Wednesday, 18 September 2019

The Fire Next Time

There's a (North)American obsession with race that I've always thought baffling. Also, I do sense a fanatical streak to it that is beyond my comprehension. It's probably to do with the fact that the vast North-American territory was conquered by puritans who were so morally strict that their fellow Brits could not stand them any longer and kicked them out, as Robertson Davies once remarked.

Many white North-Americans seem not to have understood what their founding fathers stated in the Declaration of Independence: "We hold these Truths to be self-evident, that all Men are created equal ...". And, the Christians among them seem not to have grasped that, according to the Bible, all human beings are made in the image of the divine. 
Copyright@2019 by Steve Shapiro
Trainees sing "We Shall Overcome" in Oxford, Ohio, before boarding a bus in June 1964. Organizers warned trainees about the dangers in Mississippi. People would be beaten, arrested, and sometimes killed, they told the hundreds of Northern students..

James Baldwin's The Fire Next Time was first published in 1963; it is now reprinted with more than 100 photographs from Steve Shapiro who travelled the (North)American South with Baldwin for Life magazine. 

"I'm not better because I'm black, but if you say God is white why shouldn't I say he's black? The question isn't whether you're as good as white people but whether you're a man", Baldwins writes and thus makes clear that America's so-called "Negro problem" goes way beyond skin colour and segregation. 

"Behind what we think of as the Russian menace lies what we do not wish to face, and what white Americans do not face when they regard a Negro: reality – the fact that life is tragic. Life is tragic simply because the earth turns and the sun inexorably rises and sets, and one day, for each of us, the sun will go down for the last, last time. Perhaps the whole root of our trouble, the human trouble, is that we will sacrifice all the beauty of our lives, will imprison ourselves in totems, taboos, crosses, blood sacrifices, steeples, mosques, races, armies, flags nations, in order to deny the fact of death, which is the only fact we have."
Copyright@2019 by Steve Shapiro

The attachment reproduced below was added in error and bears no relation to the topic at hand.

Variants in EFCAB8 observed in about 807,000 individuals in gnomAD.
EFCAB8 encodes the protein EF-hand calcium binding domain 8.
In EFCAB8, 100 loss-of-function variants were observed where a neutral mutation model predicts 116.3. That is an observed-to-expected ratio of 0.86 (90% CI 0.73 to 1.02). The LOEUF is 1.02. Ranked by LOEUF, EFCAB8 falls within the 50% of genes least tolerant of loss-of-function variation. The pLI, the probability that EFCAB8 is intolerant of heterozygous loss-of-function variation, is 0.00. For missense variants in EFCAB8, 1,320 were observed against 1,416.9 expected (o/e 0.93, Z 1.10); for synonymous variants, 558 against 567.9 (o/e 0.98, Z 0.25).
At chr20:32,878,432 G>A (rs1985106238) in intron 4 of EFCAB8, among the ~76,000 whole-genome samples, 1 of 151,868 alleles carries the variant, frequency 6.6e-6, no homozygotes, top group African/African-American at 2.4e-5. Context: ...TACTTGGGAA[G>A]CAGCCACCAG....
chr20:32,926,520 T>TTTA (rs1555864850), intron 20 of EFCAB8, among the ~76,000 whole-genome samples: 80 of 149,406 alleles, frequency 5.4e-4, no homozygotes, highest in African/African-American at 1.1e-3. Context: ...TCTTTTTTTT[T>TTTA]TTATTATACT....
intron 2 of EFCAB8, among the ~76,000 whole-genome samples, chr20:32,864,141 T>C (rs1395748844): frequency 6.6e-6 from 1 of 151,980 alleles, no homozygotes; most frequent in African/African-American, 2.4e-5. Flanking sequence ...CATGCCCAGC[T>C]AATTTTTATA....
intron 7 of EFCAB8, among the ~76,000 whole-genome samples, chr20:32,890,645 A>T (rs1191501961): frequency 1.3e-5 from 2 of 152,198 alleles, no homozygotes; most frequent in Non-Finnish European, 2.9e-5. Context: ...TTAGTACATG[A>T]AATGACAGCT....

A protester laughs before a phalanx of state troopers in Selma. "To me, this is a very symbolic picture," says Shapiro, "it expresses two sides of the coin, two different attitudes."

When debating race one often hears the argument that Blacks or Asians or Latinos should have the same rights and opportunities as white people. To argue like this however presupposes automatically that white people believe, in the words of James Baldwin, that "they are in possession of some intrinsic value that black people need, or want. And this assumption – which, for example, makes the solution of the Negro problem depend on the speed with which Negroes accept and adopt white standards – is revealed in all kinds of striking ways, from Bobby Kennedy's assurance that a Negro can become President in forty years to the unfortunate tone of warm congratulation with which so many liberals address their Negro equals."
Copyright@2019 by Steve Shapiro
Thousands crossed the bridge with King, but not all walked the fifty-four eventful miles to Montgomery.

The Fire Next Time is much less a historic document than an important book for Baldwin's approach to "the race problem" forcefully points out that what we have come to grips with is not the topics we mostly discuss, from skin colour and integration to religion and culture, but our fears and longings.

"Love takes off the masks that we fear we cannot live without and know we cannot live within. I use the word 'love' here not merely in the personal sense but as a state of being, or a state of grace – not in the infantile American sense of being made happy but in the tough and universal sense of quest and daring and growth."

James Baldwin
Steve Shapiro
The Fire Next Time
Taschen, Cologne 2019

No comments: